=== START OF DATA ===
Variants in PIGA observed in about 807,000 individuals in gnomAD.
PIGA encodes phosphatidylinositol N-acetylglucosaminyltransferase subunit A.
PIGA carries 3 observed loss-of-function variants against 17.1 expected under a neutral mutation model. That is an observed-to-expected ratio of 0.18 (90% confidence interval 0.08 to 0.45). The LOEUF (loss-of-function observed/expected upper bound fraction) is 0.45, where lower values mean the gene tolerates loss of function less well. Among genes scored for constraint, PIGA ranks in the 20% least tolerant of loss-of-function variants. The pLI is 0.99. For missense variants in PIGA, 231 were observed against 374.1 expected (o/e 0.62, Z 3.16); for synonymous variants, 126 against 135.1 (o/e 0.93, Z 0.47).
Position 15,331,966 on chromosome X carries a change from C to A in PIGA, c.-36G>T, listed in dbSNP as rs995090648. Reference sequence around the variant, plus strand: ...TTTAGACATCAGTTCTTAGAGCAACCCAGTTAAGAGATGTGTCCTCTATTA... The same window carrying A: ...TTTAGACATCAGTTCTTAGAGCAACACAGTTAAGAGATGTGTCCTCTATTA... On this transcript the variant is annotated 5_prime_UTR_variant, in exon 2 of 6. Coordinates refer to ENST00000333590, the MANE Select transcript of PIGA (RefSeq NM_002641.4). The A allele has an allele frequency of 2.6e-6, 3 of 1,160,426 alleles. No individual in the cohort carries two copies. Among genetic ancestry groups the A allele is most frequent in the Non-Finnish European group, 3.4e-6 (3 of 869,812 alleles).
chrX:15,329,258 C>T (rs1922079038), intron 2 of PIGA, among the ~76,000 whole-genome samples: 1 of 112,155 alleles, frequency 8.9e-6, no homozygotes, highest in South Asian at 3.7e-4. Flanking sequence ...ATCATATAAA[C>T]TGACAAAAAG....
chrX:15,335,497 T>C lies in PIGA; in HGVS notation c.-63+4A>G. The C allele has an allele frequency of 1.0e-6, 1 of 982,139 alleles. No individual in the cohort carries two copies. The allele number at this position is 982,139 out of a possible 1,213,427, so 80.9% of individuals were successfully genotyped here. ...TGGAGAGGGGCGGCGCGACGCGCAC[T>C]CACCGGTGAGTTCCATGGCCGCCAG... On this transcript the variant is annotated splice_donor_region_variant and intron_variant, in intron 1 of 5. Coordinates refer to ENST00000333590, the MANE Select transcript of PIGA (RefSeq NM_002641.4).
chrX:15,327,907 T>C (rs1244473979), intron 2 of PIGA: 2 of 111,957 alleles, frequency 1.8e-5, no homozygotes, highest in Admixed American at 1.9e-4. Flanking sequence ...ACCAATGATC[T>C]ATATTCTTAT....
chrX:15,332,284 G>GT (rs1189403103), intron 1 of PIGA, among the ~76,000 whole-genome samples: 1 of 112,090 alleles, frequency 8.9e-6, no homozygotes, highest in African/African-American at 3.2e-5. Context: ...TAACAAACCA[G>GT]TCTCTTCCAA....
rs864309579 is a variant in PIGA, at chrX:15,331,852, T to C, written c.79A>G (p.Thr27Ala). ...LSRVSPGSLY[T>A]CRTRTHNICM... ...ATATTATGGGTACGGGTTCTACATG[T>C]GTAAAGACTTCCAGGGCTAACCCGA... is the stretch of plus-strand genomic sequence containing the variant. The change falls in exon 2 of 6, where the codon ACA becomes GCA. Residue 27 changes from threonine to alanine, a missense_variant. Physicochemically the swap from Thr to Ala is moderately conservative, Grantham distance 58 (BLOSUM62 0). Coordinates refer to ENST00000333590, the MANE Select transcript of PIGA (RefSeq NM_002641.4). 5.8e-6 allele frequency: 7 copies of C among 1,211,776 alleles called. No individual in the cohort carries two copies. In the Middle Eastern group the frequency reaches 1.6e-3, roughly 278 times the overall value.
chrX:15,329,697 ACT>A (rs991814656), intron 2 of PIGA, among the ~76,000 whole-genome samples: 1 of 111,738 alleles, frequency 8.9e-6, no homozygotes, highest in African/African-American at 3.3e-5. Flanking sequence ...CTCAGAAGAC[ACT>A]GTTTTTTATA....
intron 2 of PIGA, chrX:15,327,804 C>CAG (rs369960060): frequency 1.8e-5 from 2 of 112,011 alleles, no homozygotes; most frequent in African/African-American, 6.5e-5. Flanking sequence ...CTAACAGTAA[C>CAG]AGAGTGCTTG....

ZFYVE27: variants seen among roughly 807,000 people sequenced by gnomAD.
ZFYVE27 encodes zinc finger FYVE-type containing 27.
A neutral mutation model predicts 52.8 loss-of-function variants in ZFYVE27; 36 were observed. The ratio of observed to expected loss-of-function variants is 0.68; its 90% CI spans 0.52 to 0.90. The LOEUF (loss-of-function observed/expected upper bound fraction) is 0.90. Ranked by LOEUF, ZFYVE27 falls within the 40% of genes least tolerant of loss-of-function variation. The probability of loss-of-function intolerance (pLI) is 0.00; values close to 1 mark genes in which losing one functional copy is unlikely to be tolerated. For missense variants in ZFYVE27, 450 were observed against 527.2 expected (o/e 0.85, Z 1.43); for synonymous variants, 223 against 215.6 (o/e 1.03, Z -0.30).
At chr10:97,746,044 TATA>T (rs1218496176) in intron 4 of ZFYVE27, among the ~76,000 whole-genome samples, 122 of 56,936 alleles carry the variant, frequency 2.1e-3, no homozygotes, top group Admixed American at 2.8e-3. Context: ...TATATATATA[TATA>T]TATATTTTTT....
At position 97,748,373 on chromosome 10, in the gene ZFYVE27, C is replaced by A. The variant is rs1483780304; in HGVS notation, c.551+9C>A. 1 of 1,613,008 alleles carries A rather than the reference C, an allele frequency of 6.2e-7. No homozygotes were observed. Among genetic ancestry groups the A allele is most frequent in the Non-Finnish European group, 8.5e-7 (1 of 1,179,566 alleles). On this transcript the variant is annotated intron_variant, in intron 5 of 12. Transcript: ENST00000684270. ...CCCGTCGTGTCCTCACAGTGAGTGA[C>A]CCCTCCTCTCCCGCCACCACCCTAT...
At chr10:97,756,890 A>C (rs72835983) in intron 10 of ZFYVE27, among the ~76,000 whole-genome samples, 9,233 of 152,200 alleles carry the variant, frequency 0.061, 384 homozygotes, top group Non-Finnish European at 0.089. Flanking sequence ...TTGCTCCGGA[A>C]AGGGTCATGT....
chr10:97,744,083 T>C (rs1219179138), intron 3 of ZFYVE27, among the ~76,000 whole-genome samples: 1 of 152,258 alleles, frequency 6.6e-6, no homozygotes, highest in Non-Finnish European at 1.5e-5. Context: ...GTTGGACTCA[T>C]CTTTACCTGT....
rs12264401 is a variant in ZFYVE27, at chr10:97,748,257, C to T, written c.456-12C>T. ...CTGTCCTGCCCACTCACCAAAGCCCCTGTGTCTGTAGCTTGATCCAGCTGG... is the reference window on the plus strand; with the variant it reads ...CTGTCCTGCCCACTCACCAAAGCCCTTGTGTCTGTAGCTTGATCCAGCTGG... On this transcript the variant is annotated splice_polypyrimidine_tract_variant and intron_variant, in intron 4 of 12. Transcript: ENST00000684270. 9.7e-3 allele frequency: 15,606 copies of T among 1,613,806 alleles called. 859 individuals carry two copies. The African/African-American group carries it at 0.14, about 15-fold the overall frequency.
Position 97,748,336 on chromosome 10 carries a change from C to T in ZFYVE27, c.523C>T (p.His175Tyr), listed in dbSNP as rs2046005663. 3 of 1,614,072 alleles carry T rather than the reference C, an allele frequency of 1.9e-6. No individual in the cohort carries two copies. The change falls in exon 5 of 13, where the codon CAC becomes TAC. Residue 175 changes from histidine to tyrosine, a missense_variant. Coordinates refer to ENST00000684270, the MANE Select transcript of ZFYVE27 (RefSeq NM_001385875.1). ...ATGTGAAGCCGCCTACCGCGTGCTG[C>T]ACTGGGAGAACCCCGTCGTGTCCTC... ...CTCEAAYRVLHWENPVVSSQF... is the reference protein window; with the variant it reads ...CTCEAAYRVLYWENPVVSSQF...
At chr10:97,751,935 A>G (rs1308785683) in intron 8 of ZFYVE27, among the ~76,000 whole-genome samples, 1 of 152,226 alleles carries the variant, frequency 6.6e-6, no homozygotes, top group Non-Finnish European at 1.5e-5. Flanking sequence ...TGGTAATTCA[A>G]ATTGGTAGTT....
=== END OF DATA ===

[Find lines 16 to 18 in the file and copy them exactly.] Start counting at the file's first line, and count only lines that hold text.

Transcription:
At position 97,748,373 on chromosome 10, in the gene ZFYVE27, C is replaced by A. The variant is rs1483780304; in HGVS notation, c.551+9C>A. 1 of 1,613,008 alleles carries A rather than the reference C, an allele frequency of 6.2e-7. No homozygotes were observed. Among genetic ancestry groups the A allele is most frequent in the Non-Finnish European group, 8.5e-7 (1 of 1,179,566 alleles). On this transcript the variant is annotated intron_variant, in intron 5 of 12. Transcript: ENST00000684270. ...CCCGTCGTGTCCTCACAGTGAGTGA[C>A]CCCTCCTCTCCCGCCACCACCCTAT...
At chr10:97,756,890 A>C (rs72835983) in intron 10 of ZFYVE27, among the ~76,000 whole-genome samples, 9,233 of 152,200 alleles carry the variant, frequency 0.061, 384 homozygotes, top group Non-Finnish European at 0.089. Flanking sequence ...TTGCTCCGGA[A>C]AGGGTCATGT....
chr10:97,744,083 T>C (rs1219179138), intron 3 of ZFYVE27, among the ~76,000 whole-genome samples: 1 of 152,258 alleles, frequency 6.6e-6, no homozygotes, highest in Non-Finnish European at 1.5e-5. Context: ...GTTGGACTCA[T>C]CTTTACCTGT....